RH Messiah Review

Alastair Stout, Grace Church minister of music, rehearses the Rutland Area Chorus for its annual “Messiah” performances.

The capacity audience at Grace Church’s “Messiah” performance Sunday afternoon enjoyed an unexpected pleasure, the music of Johann Sebastian Bach. George Frederick Handel’s ultimate masterpiece was paired with Bach’s Cantata BWV 62, bringing together the two greatest masters of the Baroque, and among those of all time.

But that’s not all that was unexpected. “Messiah” sounded decidedly different this year, crisper, more immediate, more intimately communicating — and ultimately more powerful. (As is traditional at Christmas, only Parts I and the “Hallelujah Chorus” were performed; the entire work lasts more than three hours.)

Alastair Stout, Grace Congregational Church’s minister of music now in his second year, judiciously cut the size of the orchestra and demanded precision and got plenty of it from the hundred or so members of the Rutland Area Chorus.

The new sound was hardly noticeable in “Messiah’s” Overture, but with the first chorus, “And the glory of the Lord,” it became obvious. Rather than loud beginning to end, the diction and articulation were clear and the dramatic arc was sculpted. With all the choruses, “Messiah” took on the storytelling it’s all about.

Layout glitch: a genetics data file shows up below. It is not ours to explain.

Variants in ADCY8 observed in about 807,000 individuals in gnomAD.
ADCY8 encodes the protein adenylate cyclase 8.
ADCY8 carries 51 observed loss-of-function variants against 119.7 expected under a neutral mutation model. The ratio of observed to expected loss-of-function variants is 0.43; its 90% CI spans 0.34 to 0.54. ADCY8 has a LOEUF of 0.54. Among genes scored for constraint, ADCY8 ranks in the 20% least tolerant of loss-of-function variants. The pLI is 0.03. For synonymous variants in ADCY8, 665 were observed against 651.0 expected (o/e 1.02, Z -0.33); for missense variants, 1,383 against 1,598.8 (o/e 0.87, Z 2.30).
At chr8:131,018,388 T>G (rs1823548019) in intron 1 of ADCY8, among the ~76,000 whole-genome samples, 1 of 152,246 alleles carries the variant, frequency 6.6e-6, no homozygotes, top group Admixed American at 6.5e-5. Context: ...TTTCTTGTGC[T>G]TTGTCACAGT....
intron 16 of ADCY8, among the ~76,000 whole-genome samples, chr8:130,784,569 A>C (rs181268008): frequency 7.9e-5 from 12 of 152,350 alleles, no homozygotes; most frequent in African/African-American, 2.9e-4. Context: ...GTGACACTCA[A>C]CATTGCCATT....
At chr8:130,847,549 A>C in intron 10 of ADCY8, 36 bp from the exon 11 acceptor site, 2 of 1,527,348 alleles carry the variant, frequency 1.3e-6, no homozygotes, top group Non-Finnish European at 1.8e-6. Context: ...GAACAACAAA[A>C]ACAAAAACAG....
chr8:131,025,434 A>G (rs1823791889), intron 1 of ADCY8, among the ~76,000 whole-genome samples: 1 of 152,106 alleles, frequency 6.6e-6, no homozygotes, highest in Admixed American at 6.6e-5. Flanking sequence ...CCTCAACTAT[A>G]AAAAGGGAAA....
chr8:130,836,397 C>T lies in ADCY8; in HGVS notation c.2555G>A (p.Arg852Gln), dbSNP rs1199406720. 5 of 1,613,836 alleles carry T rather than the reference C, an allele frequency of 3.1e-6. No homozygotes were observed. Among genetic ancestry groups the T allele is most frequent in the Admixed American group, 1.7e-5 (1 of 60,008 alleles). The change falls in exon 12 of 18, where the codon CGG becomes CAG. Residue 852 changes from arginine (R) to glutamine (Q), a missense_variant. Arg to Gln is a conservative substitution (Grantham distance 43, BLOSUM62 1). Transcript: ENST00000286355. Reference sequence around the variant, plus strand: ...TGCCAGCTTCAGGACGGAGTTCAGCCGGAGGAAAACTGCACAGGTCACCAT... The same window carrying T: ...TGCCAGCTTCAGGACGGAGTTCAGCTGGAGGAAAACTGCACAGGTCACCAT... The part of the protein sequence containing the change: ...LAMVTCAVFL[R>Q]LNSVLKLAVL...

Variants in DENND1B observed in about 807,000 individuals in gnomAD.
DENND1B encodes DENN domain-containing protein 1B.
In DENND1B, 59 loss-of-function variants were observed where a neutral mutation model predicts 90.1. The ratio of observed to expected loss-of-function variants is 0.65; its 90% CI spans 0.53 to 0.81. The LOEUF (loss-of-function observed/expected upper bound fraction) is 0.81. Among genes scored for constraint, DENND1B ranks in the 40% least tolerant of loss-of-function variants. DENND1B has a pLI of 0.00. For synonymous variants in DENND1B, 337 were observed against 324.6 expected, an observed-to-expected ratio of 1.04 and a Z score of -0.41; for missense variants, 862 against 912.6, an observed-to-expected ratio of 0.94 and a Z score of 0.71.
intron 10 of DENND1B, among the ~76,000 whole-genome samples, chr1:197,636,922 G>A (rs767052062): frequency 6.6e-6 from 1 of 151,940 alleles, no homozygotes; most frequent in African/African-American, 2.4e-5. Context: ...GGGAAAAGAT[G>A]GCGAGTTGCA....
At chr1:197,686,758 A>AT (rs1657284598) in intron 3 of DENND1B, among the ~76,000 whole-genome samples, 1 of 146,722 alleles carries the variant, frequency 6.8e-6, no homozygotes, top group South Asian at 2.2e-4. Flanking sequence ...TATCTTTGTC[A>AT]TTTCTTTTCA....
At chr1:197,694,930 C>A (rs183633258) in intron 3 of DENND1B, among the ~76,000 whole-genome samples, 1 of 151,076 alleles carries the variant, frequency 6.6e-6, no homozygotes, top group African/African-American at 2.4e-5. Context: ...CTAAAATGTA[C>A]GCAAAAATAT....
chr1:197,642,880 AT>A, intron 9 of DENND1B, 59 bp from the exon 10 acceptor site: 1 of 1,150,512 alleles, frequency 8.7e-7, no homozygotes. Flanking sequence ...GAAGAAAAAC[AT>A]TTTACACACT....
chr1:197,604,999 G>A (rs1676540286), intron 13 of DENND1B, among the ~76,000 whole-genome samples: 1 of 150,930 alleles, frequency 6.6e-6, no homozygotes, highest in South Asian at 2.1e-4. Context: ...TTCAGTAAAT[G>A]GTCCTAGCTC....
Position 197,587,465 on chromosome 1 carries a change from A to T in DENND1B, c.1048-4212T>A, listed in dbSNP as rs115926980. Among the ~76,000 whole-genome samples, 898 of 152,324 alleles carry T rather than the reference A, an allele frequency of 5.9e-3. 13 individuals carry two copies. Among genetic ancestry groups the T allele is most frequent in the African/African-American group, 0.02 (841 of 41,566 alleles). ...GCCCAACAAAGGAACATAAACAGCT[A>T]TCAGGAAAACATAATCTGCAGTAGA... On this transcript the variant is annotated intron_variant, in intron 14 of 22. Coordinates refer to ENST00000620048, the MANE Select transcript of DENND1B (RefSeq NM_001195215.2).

As soon as Cameron Steinmetz began the first recitative, “Comfort ye,” the benefit of the slightly pared orchestra (to 19) became obvious. Instead of competing with the instrumentalists, his lovely lyrical tenor reverberated throughout the church. Zubulun McLellan’s articulation in “Thus saith the Lord” was dramatic, and his warm lyricism in “For behold, darkness shall cover the earth” enjoyed a warm lyricism.

Mezzo-soprano Amy Frostman’s “But who may abide the day of His coming” was light, lyrical and lovely. Soprano Allison Devery Steinmetz achieved a joyful brilliance, but not without nuance, in “Rejoice greatly, O daughter of Zion.” All the soloists shone.

The Bach Cantata (a musical form for the Protestant church service) was expectedly more challenging. (Perhaps it’s because Handel wrote for the public, but Bach had to please God.) Here the orchestra of area professionals proved its excellence. James Cassarino, music director of Trinity Episcopal Church in Rutland and music professor at Castleton University, was harpsichordist.

The chorus had much the same challenges as the Handel, and delivered, but the soloists had much more difficult parts. Still Steinmetz and McLellan delivered their relentless articulation with its intended musicality. Devery Steinmetz and Frostman were lovely in the penultimate recitative. It was a rewarding all-around.

Community performances of “Messiah” abound during the holidays, but few deliver the depth and nuance of one of the greatest works of music of all time. Grace Church is certainly moving in that direction.



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